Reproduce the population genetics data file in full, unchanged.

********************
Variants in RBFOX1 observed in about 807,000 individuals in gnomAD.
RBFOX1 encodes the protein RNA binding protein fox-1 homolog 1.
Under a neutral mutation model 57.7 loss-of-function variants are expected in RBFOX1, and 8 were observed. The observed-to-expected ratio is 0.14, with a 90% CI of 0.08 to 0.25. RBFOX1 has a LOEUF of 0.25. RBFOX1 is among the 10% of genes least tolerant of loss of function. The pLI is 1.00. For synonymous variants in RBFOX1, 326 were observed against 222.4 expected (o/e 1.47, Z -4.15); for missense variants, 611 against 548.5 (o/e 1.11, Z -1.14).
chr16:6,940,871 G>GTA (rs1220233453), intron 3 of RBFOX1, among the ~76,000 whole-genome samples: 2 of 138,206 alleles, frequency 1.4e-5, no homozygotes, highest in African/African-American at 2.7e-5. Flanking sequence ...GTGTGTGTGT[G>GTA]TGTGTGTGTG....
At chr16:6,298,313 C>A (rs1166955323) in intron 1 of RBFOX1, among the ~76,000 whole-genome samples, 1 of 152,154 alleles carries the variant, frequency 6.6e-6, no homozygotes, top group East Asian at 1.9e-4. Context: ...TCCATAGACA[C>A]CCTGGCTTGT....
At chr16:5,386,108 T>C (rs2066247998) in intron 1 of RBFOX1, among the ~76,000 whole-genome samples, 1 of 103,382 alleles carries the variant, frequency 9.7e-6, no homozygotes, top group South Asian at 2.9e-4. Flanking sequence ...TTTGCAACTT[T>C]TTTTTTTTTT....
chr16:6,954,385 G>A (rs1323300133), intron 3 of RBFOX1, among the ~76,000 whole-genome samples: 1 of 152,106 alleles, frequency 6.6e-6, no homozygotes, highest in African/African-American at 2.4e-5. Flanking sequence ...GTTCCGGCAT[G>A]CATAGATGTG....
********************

Variants in RBFOX1 observed in about 807,000 individuals in gnomAD.
RBFOX1 encodes the protein RNA binding protein fox-1 homolog 1.
Under a neutral mutation model 57.7 loss-of-function variants are expected in RBFOX1, and 8 were observed. The observed-to-expected ratio is 0.14, with a 90% CI of 0.08 to 0.25. RBFOX1 has a LOEUF of 0.25. RBFOX1 is among the 10% of genes least tolerant of loss of function. The pLI is 1.00. For synonymous variants in RBFOX1, 326 were observed against 222.4 expected (o/e 1.47, Z -4.15); for missense variants, 611 against 548.5 (o/e 1.11, Z -1.14).
chr16:6,940,871 G>GTA (rs1220233453), intron 3 of RBFOX1, among the ~76,000 whole-genome samples: 2 of 138,206 alleles, frequency 1.4e-5, no homozygotes, highest in African/African-American at 2.7e-5. Flanking sequence ...GTGTGTGTGT[G>GTA]TGTGTGTGTG....
At chr16:6,298,313 C>A (rs1166955323) in intron 1 of RBFOX1, among the ~76,000 whole-genome samples, 1 of 152,154 alleles carries the variant, frequency 6.6e-6, no homozygotes, top group East Asian at 1.9e-4. Context: ...TCCATAGACA[C>A]CCTGGCTTGT....
At chr16:5,386,108 T>C (rs2066247998) in intron 1 of RBFOX1, among the ~76,000 whole-genome samples, 1 of 103,382 alleles carries the variant, frequency 9.7e-6, no homozygotes, top group South Asian at 2.9e-4. Flanking sequence ...TTTGCAACTT[T>C]TTTTTTTTTT....
chr16:6,954,385 G>A (rs1323300133), intron 3 of RBFOX1, among the ~76,000 whole-genome samples: 1 of 152,106 alleles, frequency 6.6e-6, no homozygotes, highest in African/African-American at 2.4e-5. Flanking sequence ...GTTCCGGCAT[G>A]CATAGATGTG....